Davis and McKearney (2001) write that in the aftermath of trauma or some other life-altering event, people have a tendency to develop a greater appreciation for life, family, faith, and values. This is evident by the onslaught of social media posts calling for people to “pray”, “remember”, etc. Simply put, the search for meaning and increased spirituality aids in coping with disaster.
However, in our adult coping we must not forget the damage that we may be doing to our kids in the process. Children under the age of six sometimes have a difficult time separating reality from fantasy (Joshi and Lewin, 2004). Children in this age group need assurance that the disaster was not their fault and that they are safe (Joshi and Lewin, 2004). Children between the ages of seven and eleven may become fearful and anxious in the aftermath of a disaster (Joshi and Lewin, 2004). For these children, one of the most important things is for adults to provide them an example of calmness (Joshi and Lewin, 2004). This is important because children in this age group often look to adults for cues as to how they should respond to disaster (Joshi and Lewin, 2004). Teenagers (children older than twelve) are able to process information more effectively than younger children (Joshi and Lewin, 2004). For these children, they need time, often alone, to process their emotions in the aftermath of a tragic event like the tornado (Joshi and Lewin, 2004). However, they must also be monitored for persistent symptoms of isolation and hopelessness (Joshi and Lewin, 2004). The psychological effects of witnessing the horror of the OKC tornado can be debilitating (“PTSD, 2011). The 24-hour news cycle only makes things worse. The prominence of television news reporting not only amplifies the trauma of some events, it eventually alters the memory of exactly what took place (Greenberg, 2005). Research has shown that one of the most effective ways to cope is to pray, connect with a church, and physically support those who are hurting (“Collective Trauma”, 2011).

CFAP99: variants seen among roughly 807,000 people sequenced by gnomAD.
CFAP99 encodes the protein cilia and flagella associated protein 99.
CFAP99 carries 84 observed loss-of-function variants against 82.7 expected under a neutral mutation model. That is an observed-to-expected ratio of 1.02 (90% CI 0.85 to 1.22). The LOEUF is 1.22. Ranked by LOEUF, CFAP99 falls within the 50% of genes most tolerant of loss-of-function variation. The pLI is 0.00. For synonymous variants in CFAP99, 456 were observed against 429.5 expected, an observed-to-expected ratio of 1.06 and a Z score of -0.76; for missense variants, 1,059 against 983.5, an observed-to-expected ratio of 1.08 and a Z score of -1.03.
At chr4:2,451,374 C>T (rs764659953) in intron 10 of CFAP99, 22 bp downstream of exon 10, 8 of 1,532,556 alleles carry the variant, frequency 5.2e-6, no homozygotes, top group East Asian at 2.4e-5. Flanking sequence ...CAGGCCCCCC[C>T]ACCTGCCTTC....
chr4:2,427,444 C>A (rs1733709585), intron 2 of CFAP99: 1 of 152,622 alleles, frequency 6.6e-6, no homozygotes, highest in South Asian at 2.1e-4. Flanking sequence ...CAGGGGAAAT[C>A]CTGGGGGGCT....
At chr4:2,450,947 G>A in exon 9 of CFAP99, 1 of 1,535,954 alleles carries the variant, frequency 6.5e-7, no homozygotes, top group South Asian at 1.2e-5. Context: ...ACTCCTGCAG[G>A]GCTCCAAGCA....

Pray. Give. Go. However, be careful that you do not hurt your children in the process.
Turn off the TV, get off of FB, and simply be there for them.
After collective trauma, religiosity and/or spirituality found to affect health outcomes. (2011, Mar 24). Targeted News Service, pp. n/a. Retrieved from http://search.proquest.com/docview/858429215?accountid=8289
Davis, C. and McKearney, J. (2001). Post-traumatic growth from the perspective of terror management theory. Retrieved from https://edge.apus.edu/access/content/group/173205/Discussion%204%20Article/Post-TraumaticGrowthfromthePerspectiveofTerrorManagementTheory.pdf
Greenberg, D. (2005, Flashbulb memories. Skeptic, 11(3), 74-74-80. Retrieved from http://search.proquest.com/docview/225221591?accountid=8289
Joshi, P & Lewin, S. (2004). Disaster, terrorism, and children. Psychiatric Annals; Sep 2004; 34, 9; Research Library pg. 710
Maier, M. (1997). Confronting the (f)laws of the pyramid: Challenger’s legacy for leadership and organizational development. Public Administration Quarterly, 21(3), 258-293. Retrieved from http://search.proquest.com/docview/226977598?accountid=8289
Post-traumatic stress disorder (2011). Retrieved from http://www.ncbi.nlm.nih.gov/pubmedhealth/PMH0001923/